Spiced butternut squash waffles

Butternut squash adds a delicious seasonal flavor to waffles. Serve them for a weekend breakfast as a special treat.

The Garden of Eating
To make your butternut waffles extra light, beat the egg whites before adding to the batter.

I'm so turned off by the way Starbucks' pumpkin spice latte has paved the way for the commercialization of autumn that I've tended to avoid all things "pumpkin-spiced." But I had some extra puréed roasted butternut squash leftover from making the pie last week and I woke up crazy early as a result of the time change so I decided to try my hand at these waffles. And you know what? They're so good!

The ingredients are simple and wholesome – puréed winter squash (you can use pumpkin, hubbard, delicata, etc., if you don't have butternut on hand), eggs, butter, milk, spices, vanilla, a little sugar and some oil. There's a bit of measuring and mixing and a little separating of egg whites from yolks – a task I always find immensely satisfying.

You beat the egg whites to help add a bit of lightness to the waffles though if you are in a hurry, you could definitely skip that step and the results would still be extremely tasty. Once you've got it all mixed together, fold the egg whites in at the very end.

I greased the little waffle iron I got to replace the one our little guy broke using my foolproof method to protect its non-stick coating, watched the deliciously scented steam rise, and waited for that little light to turn green. The first waffle went to my 2-year-old who LOVES waffles and, as a result, freaks out and screams/whines from the time he hears the word "waffle" until one is sitting on his plate. He began happily dipping the waffle pieces in "memp" which is what our family calls maple syrup since our older son dubbed it a few years back, before his talking was totally up to speed.

I didn't get to sample them for a good 10 minutes but it was worth the wait. In addition to their beautiful color, these waffles have a delicious, subtle, richness from the roasted squash that's amplified by the mixture of cinnamon, nutmeg and cloves. They're especially decadent with maple syrup and some sausage.

Spiced Butternut Squash Waffles
Adapted from Andrea Chesman's pumpkin waffles in "Recipes from the Root Cellar"
Serves 4-6

1-1/2 cups cooked, pureed winter squash (you can use pumpkin, butternut, delicata, hubbard, red kuri, etc., and you can either steam or roast it before mashing)
2 cups all-purpose flour
2 cups organic milk
4 tablespoons organic butter
3/4 cup sunflower oil
2 eggs, separated (try to find pasture-raised eggs from a farm near you)
1 tablespoon baking powder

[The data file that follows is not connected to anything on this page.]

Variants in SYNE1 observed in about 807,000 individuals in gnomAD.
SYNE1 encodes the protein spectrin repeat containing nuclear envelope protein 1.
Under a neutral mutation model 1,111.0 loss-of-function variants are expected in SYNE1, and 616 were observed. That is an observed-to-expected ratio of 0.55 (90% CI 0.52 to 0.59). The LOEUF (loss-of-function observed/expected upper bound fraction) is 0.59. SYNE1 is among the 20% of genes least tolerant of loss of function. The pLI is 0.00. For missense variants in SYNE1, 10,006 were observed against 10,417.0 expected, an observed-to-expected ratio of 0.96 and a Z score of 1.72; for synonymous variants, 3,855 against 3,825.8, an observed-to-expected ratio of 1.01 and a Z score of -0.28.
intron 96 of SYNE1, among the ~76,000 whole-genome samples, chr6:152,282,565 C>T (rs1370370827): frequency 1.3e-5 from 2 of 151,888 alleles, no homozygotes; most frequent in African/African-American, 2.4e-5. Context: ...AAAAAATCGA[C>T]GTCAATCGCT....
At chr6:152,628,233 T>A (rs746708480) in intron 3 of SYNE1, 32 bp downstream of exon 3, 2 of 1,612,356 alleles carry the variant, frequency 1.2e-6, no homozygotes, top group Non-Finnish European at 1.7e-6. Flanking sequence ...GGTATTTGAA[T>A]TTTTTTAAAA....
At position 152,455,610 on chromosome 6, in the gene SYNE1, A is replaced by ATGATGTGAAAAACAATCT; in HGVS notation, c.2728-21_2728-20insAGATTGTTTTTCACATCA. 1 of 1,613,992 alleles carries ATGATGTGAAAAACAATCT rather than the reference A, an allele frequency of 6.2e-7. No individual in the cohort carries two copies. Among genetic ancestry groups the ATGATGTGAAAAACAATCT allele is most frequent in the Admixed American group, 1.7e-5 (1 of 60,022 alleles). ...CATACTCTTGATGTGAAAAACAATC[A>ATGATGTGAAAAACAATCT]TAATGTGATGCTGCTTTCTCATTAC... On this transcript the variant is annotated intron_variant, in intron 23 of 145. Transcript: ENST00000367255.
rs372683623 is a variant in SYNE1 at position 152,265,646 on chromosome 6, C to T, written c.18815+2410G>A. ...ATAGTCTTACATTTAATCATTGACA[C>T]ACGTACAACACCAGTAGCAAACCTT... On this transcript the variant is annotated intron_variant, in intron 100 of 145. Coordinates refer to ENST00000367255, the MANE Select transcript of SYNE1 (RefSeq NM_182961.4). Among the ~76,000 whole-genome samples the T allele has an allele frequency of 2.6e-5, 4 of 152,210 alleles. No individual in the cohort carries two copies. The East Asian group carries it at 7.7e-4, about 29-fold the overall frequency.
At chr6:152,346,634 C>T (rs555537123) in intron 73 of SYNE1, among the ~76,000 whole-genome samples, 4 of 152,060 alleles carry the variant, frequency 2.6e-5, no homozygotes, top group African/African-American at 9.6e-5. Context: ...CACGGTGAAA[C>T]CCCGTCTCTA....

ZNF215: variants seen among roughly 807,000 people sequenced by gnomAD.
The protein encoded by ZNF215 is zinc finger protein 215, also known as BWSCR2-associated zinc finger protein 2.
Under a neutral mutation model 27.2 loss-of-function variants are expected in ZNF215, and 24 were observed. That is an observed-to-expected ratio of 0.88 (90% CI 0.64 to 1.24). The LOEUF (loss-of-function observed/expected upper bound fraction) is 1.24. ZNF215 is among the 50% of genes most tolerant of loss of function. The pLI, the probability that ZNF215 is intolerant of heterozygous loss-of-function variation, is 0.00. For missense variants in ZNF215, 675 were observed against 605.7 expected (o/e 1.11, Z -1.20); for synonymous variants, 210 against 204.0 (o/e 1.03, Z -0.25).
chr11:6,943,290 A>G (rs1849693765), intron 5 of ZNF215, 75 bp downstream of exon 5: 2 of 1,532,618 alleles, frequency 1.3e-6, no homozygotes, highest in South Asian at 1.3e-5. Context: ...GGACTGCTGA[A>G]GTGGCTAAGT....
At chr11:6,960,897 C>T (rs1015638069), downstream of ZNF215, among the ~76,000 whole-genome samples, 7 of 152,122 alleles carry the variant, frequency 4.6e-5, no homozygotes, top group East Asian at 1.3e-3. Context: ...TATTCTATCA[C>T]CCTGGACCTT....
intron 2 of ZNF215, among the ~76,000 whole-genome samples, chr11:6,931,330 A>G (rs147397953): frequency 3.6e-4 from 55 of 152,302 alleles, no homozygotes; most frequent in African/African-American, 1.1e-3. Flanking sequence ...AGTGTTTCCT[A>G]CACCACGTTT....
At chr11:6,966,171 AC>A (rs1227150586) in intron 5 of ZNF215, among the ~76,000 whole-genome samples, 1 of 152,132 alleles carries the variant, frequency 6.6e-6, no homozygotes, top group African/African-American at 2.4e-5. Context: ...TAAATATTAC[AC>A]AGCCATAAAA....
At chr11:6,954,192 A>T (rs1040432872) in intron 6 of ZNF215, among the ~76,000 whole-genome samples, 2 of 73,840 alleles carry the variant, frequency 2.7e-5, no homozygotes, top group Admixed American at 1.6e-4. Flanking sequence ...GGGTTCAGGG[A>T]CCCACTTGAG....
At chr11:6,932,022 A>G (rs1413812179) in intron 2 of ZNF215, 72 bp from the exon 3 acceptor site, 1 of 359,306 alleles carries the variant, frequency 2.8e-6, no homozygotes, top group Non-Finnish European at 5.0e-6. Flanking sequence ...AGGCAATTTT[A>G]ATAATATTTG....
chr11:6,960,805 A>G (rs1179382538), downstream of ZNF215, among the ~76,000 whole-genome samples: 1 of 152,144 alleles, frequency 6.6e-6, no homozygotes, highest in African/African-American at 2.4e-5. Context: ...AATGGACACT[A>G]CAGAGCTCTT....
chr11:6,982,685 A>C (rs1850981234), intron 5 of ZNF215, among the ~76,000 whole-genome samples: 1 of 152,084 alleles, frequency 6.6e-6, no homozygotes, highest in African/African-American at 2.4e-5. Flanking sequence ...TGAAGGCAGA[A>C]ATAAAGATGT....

1 teaspoon sea salt
2 teaspoons organic sugar
1 teaspoon  pure vanilla extract
1/2 teaspoon ground cinnamon
1/8 teaspoon ground cloves
1/8 teaspoon ground nutmeg
Pure maple syrup for serving

1. Preheat your waffle iron and turn your oven or toaster oven to 200 degrees F. to keep the waffles warm as they come off the iron.

2. Combine the flour, baking powder, sugar, salt and spices in a medium bowl. In another bowl, combine the puréed squash, milk, oil, butter, vanilla and egg yolks. In a third, small bowl, beat the egg whites until they're stiff.

3. Stir the flour mixture into the squash mixture and mix well, then fold in the egg whites.

4. Grease your waffle iron then spoon about 1/3 cup of batter into it if you have a single waffle iron or into each waffle area if you have a bigger waffle maker. Cook until ready, according to your waffle iron's settings. Keep the waffles warm in the oven until ready to serve. Serve with plenty of maple syrup and some fake or real breakfast sausage.

Related post on The Garden of Eating: How to grease your waffle iron

You've read  of  free articles. Subscribe to continue.

Dear Reader,

About a year ago, I happened upon this statement about the Monitor in the Harvard Business Review – under the charming heading of “do things that don’t interest you”:

“Many things that end up” being meaningful, writes social scientist Joseph Grenny, “have come from conference workshops, articles, or online videos that began as a chore and ended with an insight. My work in Kenya, for example, was heavily influenced by a Christian Science Monitor article I had forced myself to read 10 years earlier. Sometimes, we call things ‘boring’ simply because they lie outside the box we are currently in.”

If you were to come up with a punchline to a joke about the Monitor, that would probably be it. We’re seen as being global, fair, insightful, and perhaps a bit too earnest. We’re the bran muffin of journalism.

But you know what? We change lives. And I’m going to argue that we change lives precisely because we force open that too-small box that most human beings think they live in.

The Monitor is a peculiar little publication that’s hard for the world to figure out. We’re run by a church, but we’re not only for church members and we’re not about converting people. We’re known as being fair even as the world becomes as polarized as at any time since the newspaper’s founding in 1908.

We have a mission beyond circulation, we want to bridge divides. We’re about kicking down the door of thought everywhere and saying, “You are bigger and more capable than you realize. And we can prove it.”

If you’re looking for bran muffin journalism, you can subscribe to the Monitor for $15. You’ll get the Monitor Weekly magazine, the Monitor Daily email, and unlimited access to CSMonitor.com.